Sunday, August 28, 2005

More on Transaction Manager

After many hours of debugging, I finally have a version of the Transaction Manager that successfully handles the BitMgr Test. The BitMgr is modeled after the OneBit Resource Manager described in Transaction Processing: Concepts and Techniques. It uses a single data page, containing a set of bits that can either be on or off. Despite the simple design, the One BitMgr allows many of the features of a transactional system to tested.

Although the ARIES algorithm is described in great detail by its inventors, there are still a few areas that are alluded to but not fully described in the paper. For example:

  1. A post commit action is something that must be done after a successful commit. An example of a post commit action is the deleting of a container after it has been dropped. Since deleting a container is not recoverable, it is necessary to defer this action until it is definitely known that the transaction will commit. The challenge is how to ensure that post commit actions are properly executed, despite failures that may disrupt the commit processing.
  2. ARIES uses the LSN within a page to track the status of an update. This does not map very well to actions that are not necessarily related to a page, and also when they need to be redone unconditionally at system restart. As an example, when a container is created, the system should log it in such a way that at restart the container is recreated if it was not successfully created before. The way to do this is to maintain the status of the container in a page. However, this page also must reside in some container, so we have a recursive situation. Another example is the action of opening a container, which must be redone at system restart unconditionally.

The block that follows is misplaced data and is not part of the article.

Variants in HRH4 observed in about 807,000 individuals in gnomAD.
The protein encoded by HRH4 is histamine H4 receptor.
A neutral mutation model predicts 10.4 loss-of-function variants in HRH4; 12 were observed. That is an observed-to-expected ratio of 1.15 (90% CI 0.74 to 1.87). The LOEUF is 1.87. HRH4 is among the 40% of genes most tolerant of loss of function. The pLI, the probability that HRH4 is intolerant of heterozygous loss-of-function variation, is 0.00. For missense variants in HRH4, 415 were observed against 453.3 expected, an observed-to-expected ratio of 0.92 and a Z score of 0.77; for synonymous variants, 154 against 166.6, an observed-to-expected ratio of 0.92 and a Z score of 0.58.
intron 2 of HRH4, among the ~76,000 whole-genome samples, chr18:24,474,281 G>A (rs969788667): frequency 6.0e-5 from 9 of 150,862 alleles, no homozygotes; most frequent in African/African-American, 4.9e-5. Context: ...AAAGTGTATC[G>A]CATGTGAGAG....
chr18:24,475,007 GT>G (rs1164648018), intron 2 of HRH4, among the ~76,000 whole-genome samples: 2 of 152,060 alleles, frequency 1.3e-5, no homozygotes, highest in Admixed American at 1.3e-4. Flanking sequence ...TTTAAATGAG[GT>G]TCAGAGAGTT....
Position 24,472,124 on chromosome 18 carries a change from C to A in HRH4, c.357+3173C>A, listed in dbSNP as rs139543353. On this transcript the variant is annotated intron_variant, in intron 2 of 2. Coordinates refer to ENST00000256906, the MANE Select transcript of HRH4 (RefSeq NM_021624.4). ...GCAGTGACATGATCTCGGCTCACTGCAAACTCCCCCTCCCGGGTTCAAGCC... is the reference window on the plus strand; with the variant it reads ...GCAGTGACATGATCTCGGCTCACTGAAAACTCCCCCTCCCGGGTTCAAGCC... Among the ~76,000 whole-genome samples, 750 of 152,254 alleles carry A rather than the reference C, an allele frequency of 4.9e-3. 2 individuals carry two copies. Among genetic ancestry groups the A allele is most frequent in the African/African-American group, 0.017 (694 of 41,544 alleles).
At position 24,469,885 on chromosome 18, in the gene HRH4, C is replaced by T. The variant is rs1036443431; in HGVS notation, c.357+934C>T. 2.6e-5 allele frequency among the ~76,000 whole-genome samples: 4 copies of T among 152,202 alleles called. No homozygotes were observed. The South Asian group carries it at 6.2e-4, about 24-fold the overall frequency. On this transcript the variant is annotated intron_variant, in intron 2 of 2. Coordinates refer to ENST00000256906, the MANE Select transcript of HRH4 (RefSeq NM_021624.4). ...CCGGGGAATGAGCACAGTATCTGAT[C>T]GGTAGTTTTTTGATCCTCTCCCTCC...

3. If a transaction has rolled back to a Savepoint, then any locks acquired after the Savepoint was established can be released. However, how can we determine which locks are safe to delete? ARIES suggests using the LSN as the Savepoint marker, however, this cannot be used to determine which locks are safe to remove. For instance, read locks are not related to LSNs.
  4. The transaction manager interacts with many other modules, and it is a challenge to ensure high concurrency, and deadlock avoidance between it and other modules.

Tuesday, August 23, 2005

SimpleDBM's Transaction Manager

This week I am working on the Transaction Manager for SimpleDBM. The Transaction Manager is based upon the well known algorithm known as ARIES. There is a freely available paper at ARIES inventor C.Mohan's website that describes ARIES in quite a lot of detail.

I wrote a short description of ARIES, which can be found at Apache Derby website.

ARIES is based upon the recovery algorithms used in IBM's original Database 2 (DB2) product. A good description of the DB2 recovery method can be found in the paper Data Recovery in IBM Database 2, by R.A.Crus. The main contribution of ARIES is that during system restart, failed transactions are also redone, as opposed to redoing only active/committed transactions. This simplifies the subsequent recovery.

Confusion with terminology and Latch implementation